Available on: Type LP

Ezekiel Honig is a musician of outstanding reach possessing both technical and theoretical scope. His previous record, Surfaces Of A Broken Marching Band, was about nature. Indeed, many of his records are about nature. Folding In On Itself marks a cute shift being just as much about the human psyche and consciousness as it is anthropology and the city. Honig’s records create twilight worlds, he collages different facets of our lives and presents them as one geographically reconstructed reality, resulting in the most beautiful of amalgamated soundscapes, each recording constructing a new sonic space.

The album’s opening track, ‘Material Wrinkle’, allows the sound to slip in and out of realities: there’s the voyeurism (for want of a better word) of hearing light, metallic objects being moved; truncated television loops entering and leaving the soundscape; drones of city life augmented to sweet fantasy, then deconstructed by the internal techno pulses. Following track ‘Subverting The Memory Of Your Surrounding’ illustrates just as much in the title whilst extending to the aesthetic with a heartbeat pulse driving the track. With this compartmental approach Honig explicitly illustrates how he has established contrasting forms to capture humans as sensorial agents from the perspectives of the subjective, the physical and surrounding objects.

Typically each track here takes on three aesthetic styles: there’s the environmental sounds, usually marked with cavernous echoes and muffled white noise; there’s the rich “musical” textures which carry a tangible tone of loving digital polish; and the comet tail sustains which remember headaches as much as meditative states.

Through collage the “found sounds” form a new reality with Honig engaging in deep artistic and artisanal practices. With all layers tending towards warm sound, Folding In On Itself makes for seductive listening. Honig clearly signposts these layers, and as well as working in contrast with each other it’s the more mastered, laboured effects that supply the record’s core structure with the low-fidelity recordings providing novelty (ghostly, at a push).

Strangely, and akin to Susan Hiller’s anthropological curation piece, Dedicated To The Unknown Artists 1972 – 76, Honig declines from taking on any characterised narrative; the music never employs a protagonist. Hiller’s piece (an assortment of postcards featuring rough seas battering coastal tourist towns of Britain), comparatively, doesn’t engage in the representations of humans within the work. Equally Honig prefers to leave the anthropology central to the work, so any human life captured within it is as much about the recording as it is the subject. What results is that we hear an impression of a macro reality through the recordings from habitual individuals – depriving us of a protagonist.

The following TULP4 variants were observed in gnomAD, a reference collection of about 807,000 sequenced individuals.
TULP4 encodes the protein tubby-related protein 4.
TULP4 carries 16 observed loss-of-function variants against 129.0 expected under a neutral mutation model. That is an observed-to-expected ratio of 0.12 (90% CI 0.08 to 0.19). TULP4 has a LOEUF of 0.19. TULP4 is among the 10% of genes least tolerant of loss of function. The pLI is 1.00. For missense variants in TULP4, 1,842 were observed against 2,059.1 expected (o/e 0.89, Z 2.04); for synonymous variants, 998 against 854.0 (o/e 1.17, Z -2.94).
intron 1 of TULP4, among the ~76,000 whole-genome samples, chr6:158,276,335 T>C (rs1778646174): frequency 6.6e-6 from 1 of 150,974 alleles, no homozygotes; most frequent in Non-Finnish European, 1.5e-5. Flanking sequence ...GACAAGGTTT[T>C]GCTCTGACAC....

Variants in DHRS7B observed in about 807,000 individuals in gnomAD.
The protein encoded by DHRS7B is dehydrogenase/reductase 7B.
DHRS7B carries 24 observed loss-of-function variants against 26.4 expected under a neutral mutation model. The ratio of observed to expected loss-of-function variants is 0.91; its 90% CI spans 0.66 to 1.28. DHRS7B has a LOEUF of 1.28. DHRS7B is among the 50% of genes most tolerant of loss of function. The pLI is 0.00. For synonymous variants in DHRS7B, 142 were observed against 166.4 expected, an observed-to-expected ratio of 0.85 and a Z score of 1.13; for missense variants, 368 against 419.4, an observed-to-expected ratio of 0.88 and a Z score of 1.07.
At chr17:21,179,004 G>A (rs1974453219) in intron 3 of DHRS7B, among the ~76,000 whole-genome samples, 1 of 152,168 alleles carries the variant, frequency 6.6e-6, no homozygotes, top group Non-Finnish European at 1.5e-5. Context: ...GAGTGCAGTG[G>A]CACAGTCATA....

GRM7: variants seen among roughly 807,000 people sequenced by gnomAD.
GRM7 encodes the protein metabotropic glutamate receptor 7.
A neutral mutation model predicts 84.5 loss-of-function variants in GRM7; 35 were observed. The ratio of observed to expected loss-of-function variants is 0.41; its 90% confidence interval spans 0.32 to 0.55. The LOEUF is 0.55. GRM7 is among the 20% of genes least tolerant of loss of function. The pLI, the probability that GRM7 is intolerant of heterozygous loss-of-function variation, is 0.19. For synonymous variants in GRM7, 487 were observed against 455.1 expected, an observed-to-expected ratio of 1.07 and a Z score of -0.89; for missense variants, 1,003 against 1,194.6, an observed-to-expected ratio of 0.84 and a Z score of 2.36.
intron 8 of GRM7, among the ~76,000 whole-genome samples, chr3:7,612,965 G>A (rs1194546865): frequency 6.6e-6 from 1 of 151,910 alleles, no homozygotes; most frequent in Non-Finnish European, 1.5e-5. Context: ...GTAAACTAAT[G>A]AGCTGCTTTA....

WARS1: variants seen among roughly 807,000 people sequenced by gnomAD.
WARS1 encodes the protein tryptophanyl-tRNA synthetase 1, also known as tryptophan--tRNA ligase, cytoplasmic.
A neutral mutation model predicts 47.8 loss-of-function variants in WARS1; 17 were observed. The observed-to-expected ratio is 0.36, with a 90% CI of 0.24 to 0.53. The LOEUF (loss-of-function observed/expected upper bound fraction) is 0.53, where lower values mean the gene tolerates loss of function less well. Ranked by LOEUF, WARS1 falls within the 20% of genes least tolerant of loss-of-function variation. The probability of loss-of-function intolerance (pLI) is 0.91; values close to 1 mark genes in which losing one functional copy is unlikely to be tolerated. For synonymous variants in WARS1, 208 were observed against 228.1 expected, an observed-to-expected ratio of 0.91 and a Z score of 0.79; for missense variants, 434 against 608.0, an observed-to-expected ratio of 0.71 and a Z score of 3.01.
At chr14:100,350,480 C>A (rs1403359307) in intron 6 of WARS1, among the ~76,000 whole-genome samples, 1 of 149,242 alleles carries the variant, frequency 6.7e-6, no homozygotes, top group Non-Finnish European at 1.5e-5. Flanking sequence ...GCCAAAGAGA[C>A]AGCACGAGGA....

The nearest we come to one is on stand-out track ‘Between Bridges’ which contains vocals so chopped (recalling fellow Type artist Sylvain Chauveau’s ‘Composition 8’) that they compliment the rhythm above the melody. Additionally, giving the record some investigative thought there are a couple of things we learn about the character(s): they watch TV, they play squash, they take the train and live in an urbane area – half-baked and banal at best. The lack of denizen to hold your hand as the record propels you blindfolded across Metro lines and busy streets, through workhouses and sports courts makes for a bewildering, and solitary, listen.

Folding In On Itself may not be a particularly lucid piece. It becomes difficult to realise the proposed landscape as recordings from NYC are cut against others from Poland and Italy, leaving the record to exist between skies to much of its detriment. Sonically the album is consistent in tone and pace with an intoxicating lushness throughout: the heady hypnosis, the robust piano tones and the romantic recordings of NYC L-trains. To reject the record for being flawed on an analytical level, or to highlight its superficiality would be ridiculous as both of these features add to the wild and unqualified synthetic wonderland which Honig realises so brilliantly.

Samuel Breen



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